the things they discussed were the things that nobody ever asked, about
masturbation, nobody ever mentions that in school. Masturbation they never
mention it, the same as homosexuality, or orgasms they never mention that, that
is why I say it is so technical. This is what happens, it is not how it would happen
to you or anybody else, just a body, bodily functions that go on, it doesn't tell you
anything else. I suppose that magazines, young girl’s magazines fulfil that well
mainly, things like that, at the time you think they are terrible magazines, but I
suppose they are really quite useful, because they do discuss quite a lot of
things. They never mention them at school. It made me laugh that nobody ever
mentioned homosexuality and what goes on there, I suppose there is no
biological thing they can tell you, so they didn't bother, like diagrams they did for
the other.
Q: Now it’s problematic, sex education is Section 28, but it is still called that. One
thing we are hoping to do with the results from the study, to find out what people
felt out about sex education and what the analyses were and what the figures
produce, and to try to improve sex education. Yes, that is one of the things we
are hoping to do and the other thing on the AIDS education, is to ask you a bit
more about that. You say that most of the stuff you had seen was on the mass
media?
A: I had never heard about AIDS at school, I’m sure, I don't know how long ago
that AIDS became a big thing, I know that it was earlier in America, but how long
ago was it that AIDS was actually recognised as spreading fast. Because nobody
ever mentioned it to me in school at all. I remember seeing a programme about
it, I think I was about 16 or 17, and how it was spreading fast in the gay
community in America. But that is it, nobody ever mentioned it in school. I think it
was after I left school they sent all those leaflets, but nobody mentioned it, and
they didn't really mention venereal disease, I only just remember learning about it
at biology ‘A’ level, and we learnt about syphilis, but we learnt about it as a
disease, not how you catch it really, that you should take precautions, we learnt
about how this happens, these cells do this, these are the symptoms, and we

16
didn't learn about it there, but a woman that came in told us about it. But she was
so very moral about sex anyway, that she was quite old and she was retiring
when she came to us in the 3rd year. But venereal disease seems to be a thing
that bad people got, I suppose we thought if we weren't bad you wouldn't get it. It
doesn't really help you, does it.
Q: That has sort of moral overtones to it. What about abortion? Did you learn
about that at school?
A: I don't remember anybody mentioning abortion, the thing that perhaps maybe
she mentioned it. The young girls got pregnant, and lots of people had come to
her, they had got pregnant in their 4th year or something. She just told you how
not to get pregnant, she didn't really mention abortion, and the effect it could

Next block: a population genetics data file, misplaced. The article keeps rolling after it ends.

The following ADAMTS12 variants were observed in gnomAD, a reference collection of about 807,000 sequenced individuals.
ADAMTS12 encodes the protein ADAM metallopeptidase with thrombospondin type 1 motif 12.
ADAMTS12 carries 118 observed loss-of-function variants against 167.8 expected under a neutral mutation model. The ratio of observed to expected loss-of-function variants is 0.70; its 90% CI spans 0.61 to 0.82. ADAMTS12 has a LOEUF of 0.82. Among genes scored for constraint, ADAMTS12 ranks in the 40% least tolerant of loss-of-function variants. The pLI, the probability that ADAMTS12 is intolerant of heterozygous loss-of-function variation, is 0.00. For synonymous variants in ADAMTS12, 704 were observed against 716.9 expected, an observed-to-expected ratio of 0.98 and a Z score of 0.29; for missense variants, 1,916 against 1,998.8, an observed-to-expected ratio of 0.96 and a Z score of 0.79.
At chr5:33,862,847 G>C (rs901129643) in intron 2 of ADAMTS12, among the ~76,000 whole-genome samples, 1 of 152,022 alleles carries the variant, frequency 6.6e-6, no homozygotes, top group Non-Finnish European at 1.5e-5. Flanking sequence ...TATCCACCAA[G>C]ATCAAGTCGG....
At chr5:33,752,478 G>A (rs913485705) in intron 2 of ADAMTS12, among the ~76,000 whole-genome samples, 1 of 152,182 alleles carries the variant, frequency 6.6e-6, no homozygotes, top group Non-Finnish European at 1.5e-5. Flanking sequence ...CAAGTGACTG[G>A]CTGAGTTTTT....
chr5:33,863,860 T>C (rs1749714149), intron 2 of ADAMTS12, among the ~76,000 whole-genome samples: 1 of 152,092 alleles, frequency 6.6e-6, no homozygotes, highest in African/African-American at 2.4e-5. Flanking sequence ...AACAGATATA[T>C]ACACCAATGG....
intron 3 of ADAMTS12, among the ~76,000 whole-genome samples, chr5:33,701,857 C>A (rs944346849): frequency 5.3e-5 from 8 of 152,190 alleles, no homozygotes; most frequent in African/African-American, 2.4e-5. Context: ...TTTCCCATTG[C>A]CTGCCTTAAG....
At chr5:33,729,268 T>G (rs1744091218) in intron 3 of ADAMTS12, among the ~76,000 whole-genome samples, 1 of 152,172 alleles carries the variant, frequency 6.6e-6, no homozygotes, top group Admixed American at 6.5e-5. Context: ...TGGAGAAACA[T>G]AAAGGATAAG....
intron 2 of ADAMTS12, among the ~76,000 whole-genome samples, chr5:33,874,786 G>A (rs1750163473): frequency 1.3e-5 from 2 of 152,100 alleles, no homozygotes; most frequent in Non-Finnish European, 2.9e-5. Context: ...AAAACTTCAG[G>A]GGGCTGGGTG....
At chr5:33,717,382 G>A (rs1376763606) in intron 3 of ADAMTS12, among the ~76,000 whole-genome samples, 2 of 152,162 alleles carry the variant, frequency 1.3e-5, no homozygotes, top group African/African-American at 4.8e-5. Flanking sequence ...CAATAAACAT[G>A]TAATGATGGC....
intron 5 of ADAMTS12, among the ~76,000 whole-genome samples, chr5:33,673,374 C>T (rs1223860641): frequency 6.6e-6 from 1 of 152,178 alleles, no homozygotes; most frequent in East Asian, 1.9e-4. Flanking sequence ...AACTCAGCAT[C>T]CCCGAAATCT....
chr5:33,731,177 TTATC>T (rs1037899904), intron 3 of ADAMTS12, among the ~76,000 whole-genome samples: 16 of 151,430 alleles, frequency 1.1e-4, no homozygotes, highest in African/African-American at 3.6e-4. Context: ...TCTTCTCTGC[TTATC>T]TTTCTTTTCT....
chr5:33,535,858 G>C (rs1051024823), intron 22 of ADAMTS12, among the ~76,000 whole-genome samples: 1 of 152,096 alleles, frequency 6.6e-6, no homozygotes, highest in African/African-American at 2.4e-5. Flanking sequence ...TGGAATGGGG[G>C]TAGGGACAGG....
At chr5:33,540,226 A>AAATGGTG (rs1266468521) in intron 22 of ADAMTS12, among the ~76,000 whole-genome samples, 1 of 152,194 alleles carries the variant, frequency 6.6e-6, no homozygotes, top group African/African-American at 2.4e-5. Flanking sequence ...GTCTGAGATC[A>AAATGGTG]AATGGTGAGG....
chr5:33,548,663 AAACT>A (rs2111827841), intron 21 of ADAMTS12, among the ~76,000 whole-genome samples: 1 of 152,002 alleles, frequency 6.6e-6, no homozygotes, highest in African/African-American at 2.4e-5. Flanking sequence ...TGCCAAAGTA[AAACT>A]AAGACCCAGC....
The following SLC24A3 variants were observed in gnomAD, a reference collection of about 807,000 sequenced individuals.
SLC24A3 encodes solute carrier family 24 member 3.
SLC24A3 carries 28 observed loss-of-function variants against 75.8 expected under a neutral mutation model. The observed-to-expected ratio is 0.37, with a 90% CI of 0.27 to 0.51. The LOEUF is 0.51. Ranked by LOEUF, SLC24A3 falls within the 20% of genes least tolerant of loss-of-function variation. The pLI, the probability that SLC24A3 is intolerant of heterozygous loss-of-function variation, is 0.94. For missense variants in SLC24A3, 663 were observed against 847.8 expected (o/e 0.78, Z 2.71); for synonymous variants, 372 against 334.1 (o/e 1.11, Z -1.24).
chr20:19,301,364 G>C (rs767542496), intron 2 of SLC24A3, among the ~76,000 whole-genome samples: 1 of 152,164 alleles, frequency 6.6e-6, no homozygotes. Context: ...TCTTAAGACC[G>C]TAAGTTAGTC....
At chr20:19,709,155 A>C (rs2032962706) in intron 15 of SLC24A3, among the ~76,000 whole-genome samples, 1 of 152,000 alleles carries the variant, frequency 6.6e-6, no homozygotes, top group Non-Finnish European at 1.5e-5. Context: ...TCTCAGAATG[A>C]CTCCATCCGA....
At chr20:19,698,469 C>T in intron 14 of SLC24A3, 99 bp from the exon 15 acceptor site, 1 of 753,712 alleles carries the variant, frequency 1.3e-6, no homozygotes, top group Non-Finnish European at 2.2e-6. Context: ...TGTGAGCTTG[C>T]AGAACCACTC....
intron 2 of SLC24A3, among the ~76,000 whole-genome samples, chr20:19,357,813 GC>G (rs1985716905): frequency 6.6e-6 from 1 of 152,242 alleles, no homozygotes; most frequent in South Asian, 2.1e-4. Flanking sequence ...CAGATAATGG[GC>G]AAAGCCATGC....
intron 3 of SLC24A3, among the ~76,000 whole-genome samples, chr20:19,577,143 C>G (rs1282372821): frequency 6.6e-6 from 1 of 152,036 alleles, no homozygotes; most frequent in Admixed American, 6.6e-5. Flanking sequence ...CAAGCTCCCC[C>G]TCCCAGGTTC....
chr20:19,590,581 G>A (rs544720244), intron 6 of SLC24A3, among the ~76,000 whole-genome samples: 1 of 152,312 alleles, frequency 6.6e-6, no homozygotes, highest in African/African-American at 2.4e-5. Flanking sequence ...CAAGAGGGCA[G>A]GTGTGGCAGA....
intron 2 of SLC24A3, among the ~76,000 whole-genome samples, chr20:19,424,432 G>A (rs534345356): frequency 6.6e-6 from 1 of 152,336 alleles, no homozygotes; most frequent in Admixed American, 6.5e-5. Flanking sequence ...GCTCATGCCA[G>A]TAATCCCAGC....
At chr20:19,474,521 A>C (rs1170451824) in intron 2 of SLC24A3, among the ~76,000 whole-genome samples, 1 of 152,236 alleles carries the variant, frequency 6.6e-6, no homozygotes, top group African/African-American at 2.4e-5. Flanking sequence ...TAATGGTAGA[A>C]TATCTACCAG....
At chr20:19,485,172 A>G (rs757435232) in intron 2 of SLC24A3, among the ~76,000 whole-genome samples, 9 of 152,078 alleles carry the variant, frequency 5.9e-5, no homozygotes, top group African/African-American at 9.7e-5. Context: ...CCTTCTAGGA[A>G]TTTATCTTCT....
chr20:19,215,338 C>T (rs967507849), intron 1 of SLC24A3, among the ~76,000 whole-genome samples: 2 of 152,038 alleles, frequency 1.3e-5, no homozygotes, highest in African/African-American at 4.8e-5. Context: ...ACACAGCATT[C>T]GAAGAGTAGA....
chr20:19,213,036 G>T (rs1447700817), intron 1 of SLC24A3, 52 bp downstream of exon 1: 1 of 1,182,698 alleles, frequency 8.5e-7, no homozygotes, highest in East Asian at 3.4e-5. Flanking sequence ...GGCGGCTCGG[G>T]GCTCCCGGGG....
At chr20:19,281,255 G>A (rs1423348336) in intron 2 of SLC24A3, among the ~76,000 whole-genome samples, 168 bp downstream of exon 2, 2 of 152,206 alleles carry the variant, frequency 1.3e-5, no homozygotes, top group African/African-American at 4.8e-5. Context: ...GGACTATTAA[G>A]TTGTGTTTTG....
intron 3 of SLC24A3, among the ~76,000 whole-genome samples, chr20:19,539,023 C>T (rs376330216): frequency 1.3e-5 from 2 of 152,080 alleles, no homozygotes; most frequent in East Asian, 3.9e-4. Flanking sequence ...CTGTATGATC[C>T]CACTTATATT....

have on you or anything. It was there and there wasn't a choice really, it was just
how not to get pregnant, you might have to have an abortion, you might have to
adopt it or something, we didn't really talk about abortion at all, it was just what
you might have to have if you got pregnant.
Q: It's all sort of a bit distant, as you say, lots of things you have been through in
terms of what you learned, the distance from your own experience, in a way it
only becomes real to you when it becomes part of you.
A: Yes. I think especially teaching the biological way makes you think that it is
something happening somewhere else, it isn't really happening to you, or it
wouldn't happen to you.
Q: You think that there are ways in which it could be taught which would be much
more help to people. Actually you were thinking before weren't you, that it would
be hard to get it across to people without experience.
A: Yes I think it is difficult, but I am sure there must be a way in which you could
teach sex education without making it such a faraway thing. I know there is a lot
of embarrassment when they teach it, everybody is really embarrassed, including
the teacher, I don't know, I think when I saw this man in the film, ask questions
and all the questions they asked were about masturbation and things like that.
Maybe you could do something like that.
Q: What about single sex or mixed, it is more embarrassing if there are both
sexes present. You might be able to talk about things more easily if there was
just one sex present.
A: I don't know about that, it is quite embarrassing because there was always a
lot of boys making sexual inuendoes. There would be silence during sex
education, but it would be afterwards. I don't know whether it would be better or
not, I know we learnt about periods, that was just all girls. Maybe it is better just
single sex, but then it is influencing a strange divide.
Q: I suppose you could do it both ways, because you could have it single sex,
then all come together to talk about it for the kind of issues, sort of approach.
A: I think people will never ask questions, children will never ask anything
because they are so embarrassed. They think that everybody knows about this